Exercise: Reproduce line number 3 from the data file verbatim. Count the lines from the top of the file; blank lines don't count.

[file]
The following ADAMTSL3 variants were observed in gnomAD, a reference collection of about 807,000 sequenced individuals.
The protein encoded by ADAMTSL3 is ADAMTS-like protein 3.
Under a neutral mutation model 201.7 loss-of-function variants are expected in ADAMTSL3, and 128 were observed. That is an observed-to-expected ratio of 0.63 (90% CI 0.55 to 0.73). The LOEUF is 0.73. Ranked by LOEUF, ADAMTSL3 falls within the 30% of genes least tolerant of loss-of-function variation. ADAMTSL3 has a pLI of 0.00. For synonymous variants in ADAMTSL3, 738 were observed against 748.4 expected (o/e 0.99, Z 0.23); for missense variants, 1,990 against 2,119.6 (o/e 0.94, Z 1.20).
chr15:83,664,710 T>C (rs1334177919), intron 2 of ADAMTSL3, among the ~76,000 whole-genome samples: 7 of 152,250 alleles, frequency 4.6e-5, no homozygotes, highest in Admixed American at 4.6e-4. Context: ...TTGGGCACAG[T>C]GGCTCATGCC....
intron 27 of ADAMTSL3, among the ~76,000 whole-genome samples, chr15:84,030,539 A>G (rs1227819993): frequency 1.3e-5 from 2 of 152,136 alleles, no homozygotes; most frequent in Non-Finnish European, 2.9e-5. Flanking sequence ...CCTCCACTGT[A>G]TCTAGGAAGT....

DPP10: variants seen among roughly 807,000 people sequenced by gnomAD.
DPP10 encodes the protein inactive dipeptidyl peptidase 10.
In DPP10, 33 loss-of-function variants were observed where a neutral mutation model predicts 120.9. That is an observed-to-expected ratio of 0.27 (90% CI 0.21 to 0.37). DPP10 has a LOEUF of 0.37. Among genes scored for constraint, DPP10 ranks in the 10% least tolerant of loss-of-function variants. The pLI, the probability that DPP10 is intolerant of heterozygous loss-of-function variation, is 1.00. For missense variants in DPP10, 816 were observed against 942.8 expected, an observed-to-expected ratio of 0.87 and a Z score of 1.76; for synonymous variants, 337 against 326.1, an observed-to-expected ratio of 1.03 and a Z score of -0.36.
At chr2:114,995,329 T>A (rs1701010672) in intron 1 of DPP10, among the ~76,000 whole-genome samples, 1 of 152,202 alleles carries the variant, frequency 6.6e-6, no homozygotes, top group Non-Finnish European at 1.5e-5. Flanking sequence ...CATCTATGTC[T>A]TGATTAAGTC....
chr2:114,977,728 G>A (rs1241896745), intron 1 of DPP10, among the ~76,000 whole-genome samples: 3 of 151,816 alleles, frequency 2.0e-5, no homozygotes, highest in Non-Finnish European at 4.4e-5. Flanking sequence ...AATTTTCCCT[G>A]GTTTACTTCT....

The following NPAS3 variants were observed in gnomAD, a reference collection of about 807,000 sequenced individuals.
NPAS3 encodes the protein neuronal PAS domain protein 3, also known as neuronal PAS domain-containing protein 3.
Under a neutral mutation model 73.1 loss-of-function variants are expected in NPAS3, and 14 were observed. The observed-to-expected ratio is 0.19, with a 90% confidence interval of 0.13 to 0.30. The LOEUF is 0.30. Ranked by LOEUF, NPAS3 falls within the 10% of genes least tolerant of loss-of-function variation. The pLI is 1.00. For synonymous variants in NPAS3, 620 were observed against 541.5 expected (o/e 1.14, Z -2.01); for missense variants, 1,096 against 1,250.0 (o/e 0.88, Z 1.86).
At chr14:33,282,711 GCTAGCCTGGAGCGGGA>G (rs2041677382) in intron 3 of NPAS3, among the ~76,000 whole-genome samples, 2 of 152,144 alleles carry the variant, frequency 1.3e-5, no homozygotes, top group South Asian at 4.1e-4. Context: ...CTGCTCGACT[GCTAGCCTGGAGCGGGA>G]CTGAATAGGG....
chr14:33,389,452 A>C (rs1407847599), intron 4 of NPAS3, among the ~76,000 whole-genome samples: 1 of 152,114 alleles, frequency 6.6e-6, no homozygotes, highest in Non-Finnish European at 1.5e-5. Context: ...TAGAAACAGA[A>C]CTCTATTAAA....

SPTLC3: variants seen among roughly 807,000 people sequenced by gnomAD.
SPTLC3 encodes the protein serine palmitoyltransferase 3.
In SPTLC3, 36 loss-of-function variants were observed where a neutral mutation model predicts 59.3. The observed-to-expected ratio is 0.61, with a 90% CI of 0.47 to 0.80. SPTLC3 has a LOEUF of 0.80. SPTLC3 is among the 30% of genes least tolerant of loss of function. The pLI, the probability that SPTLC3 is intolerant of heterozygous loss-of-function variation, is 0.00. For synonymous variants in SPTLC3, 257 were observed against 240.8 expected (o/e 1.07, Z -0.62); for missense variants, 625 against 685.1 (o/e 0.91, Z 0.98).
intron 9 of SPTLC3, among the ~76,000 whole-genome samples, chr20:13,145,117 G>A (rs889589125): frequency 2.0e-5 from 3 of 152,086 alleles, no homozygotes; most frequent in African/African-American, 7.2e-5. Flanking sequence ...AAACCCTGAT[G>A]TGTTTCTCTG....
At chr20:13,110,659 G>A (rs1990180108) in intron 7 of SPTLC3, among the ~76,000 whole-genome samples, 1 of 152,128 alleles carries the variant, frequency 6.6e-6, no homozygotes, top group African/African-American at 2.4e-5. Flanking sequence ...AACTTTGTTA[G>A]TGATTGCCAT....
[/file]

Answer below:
Under a neutral mutation model 201.7 loss-of-function variants are expected in ADAMTSL3, and 128 were observed. That is an observed-to-expected ratio of 0.63 (90% CI 0.55 to 0.73). The LOEUF is 0.73. Ranked by LOEUF, ADAMTSL3 falls within the 30% of genes least tolerant of loss-of-function variation. ADAMTSL3 has a pLI of 0.00. For synonymous variants in ADAMTSL3, 738 were observed against 748.4 expected (o/e 0.99, Z 0.23); for missense variants, 1,990 against 2,119.6 (o/e 0.94, Z 1.20).